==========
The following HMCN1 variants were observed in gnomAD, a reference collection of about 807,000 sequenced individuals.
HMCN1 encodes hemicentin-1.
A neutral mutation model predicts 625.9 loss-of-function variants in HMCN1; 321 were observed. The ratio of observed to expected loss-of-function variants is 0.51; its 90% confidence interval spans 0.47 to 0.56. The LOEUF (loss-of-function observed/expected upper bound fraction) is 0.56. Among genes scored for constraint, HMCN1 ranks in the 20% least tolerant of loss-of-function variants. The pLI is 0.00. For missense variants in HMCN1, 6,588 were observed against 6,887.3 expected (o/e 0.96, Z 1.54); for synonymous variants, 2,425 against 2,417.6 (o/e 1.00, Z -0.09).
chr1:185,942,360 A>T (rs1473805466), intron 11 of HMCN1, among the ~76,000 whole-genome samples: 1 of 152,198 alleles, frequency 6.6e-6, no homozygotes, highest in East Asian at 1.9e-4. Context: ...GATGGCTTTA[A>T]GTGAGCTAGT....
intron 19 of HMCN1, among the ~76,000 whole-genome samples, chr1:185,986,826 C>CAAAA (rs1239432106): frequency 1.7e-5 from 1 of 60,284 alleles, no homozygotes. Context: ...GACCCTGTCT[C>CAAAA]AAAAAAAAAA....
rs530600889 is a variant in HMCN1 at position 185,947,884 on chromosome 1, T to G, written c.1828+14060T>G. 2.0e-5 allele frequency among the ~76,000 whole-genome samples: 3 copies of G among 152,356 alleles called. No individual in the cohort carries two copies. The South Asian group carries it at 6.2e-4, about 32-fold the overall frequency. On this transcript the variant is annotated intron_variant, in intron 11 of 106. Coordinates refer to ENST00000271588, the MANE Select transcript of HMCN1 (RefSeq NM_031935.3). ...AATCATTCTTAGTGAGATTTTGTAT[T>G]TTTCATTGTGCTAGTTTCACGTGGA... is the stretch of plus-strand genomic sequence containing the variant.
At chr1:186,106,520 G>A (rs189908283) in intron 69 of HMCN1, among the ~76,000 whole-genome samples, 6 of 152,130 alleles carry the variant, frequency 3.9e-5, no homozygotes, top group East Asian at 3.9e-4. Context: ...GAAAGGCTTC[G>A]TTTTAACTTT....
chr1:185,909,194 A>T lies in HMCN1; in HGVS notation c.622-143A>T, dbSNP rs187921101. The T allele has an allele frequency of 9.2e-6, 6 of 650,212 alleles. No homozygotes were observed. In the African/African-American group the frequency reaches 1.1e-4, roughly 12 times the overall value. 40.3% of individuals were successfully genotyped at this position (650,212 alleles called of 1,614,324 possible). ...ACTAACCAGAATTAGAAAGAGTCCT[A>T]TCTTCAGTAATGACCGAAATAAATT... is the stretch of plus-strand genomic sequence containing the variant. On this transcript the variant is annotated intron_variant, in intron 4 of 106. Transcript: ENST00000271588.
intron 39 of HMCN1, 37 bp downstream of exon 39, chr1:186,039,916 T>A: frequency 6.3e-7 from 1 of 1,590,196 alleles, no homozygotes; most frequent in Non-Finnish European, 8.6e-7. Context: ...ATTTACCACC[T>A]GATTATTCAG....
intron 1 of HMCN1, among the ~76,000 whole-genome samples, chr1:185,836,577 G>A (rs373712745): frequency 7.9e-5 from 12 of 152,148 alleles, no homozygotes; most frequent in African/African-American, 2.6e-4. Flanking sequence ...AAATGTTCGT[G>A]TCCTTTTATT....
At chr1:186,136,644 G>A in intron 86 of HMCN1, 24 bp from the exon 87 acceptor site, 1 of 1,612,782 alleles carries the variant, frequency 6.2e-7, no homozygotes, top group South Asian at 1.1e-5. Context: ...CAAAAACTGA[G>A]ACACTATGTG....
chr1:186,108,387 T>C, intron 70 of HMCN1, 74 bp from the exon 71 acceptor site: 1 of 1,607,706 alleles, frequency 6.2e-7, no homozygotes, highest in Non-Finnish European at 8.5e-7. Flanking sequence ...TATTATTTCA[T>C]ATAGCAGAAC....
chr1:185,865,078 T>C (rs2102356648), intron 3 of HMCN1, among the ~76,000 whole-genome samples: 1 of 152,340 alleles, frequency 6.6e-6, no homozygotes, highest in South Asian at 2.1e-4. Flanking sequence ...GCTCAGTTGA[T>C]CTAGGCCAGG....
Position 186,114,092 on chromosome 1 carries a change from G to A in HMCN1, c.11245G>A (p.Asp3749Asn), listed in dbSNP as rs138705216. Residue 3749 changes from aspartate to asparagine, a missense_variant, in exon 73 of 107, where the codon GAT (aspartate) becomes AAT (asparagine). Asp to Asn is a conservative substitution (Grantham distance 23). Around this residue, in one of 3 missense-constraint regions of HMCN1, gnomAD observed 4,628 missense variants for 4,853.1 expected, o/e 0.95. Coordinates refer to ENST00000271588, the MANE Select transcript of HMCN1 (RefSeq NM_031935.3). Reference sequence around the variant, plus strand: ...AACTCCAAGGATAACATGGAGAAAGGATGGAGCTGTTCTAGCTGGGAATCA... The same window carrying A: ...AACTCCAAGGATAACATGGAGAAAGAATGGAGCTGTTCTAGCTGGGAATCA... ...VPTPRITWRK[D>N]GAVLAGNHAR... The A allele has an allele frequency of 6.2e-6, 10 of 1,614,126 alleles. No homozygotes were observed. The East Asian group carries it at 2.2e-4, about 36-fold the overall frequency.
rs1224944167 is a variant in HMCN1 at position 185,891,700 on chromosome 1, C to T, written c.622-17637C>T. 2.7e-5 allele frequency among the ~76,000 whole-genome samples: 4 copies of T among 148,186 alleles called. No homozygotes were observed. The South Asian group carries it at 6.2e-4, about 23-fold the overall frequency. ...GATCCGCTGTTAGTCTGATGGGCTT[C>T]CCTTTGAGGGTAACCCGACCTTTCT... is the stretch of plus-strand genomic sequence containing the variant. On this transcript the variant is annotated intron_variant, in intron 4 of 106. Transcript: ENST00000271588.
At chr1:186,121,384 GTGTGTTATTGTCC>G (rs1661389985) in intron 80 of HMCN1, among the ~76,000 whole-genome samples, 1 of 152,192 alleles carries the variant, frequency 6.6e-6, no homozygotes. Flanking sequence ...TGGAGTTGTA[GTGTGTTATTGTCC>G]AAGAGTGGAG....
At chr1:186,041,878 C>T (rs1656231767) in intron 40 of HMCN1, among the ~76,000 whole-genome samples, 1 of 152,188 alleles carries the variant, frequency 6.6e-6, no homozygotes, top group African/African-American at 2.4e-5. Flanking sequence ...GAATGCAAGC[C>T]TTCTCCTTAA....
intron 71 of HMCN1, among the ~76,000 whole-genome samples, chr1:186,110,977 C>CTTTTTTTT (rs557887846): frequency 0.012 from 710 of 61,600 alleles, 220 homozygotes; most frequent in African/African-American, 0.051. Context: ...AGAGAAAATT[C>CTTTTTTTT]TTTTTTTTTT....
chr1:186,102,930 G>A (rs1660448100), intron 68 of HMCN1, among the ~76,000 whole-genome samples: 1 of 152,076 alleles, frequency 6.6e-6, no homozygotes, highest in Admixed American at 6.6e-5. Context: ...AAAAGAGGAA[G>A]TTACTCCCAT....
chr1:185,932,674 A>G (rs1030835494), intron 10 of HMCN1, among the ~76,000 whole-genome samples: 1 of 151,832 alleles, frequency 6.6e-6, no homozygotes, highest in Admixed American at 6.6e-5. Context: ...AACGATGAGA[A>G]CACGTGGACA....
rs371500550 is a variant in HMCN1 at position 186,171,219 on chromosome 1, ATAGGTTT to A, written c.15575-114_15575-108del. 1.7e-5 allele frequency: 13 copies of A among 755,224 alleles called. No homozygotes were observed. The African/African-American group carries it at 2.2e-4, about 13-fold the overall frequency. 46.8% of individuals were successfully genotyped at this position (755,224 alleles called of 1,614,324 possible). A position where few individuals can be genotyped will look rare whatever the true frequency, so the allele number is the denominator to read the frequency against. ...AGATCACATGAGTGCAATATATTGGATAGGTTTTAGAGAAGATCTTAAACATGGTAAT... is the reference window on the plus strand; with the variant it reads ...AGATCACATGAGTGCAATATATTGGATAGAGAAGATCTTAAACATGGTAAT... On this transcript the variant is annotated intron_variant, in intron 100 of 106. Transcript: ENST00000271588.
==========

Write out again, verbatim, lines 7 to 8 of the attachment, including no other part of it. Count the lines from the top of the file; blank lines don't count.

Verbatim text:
At chr1:186,106,520 G>A (rs189908283) in intron 69 of HMCN1, among the ~76,000 whole-genome samples, 6 of 152,130 alleles carry the variant, frequency 3.9e-5, no homozygotes, top group East Asian at 3.9e-4. Context: ...GAAAGGCTTC[G>A]TTTTAACTTT....
chr1:185,909,194 A>T lies in HMCN1; in HGVS notation c.622-143A>T, dbSNP rs187921101. The T allele has an allele frequency of 9.2e-6, 6 of 650,212 alleles. No homozygotes were observed. In the African/African-American group the frequency reaches 1.1e-4, roughly 12 times the overall value. 40.3% of individuals were successfully genotyped at this position (650,212 alleles called of 1,614,324 possible). ...ACTAACCAGAATTAGAAAGAGTCCT[A>T]TCTTCAGTAATGACCGAAATAAATT... is the stretch of plus-strand genomic sequence containing the variant. On this transcript the variant is annotated intron_variant, in intron 4 of 106. Transcript: ENST00000271588.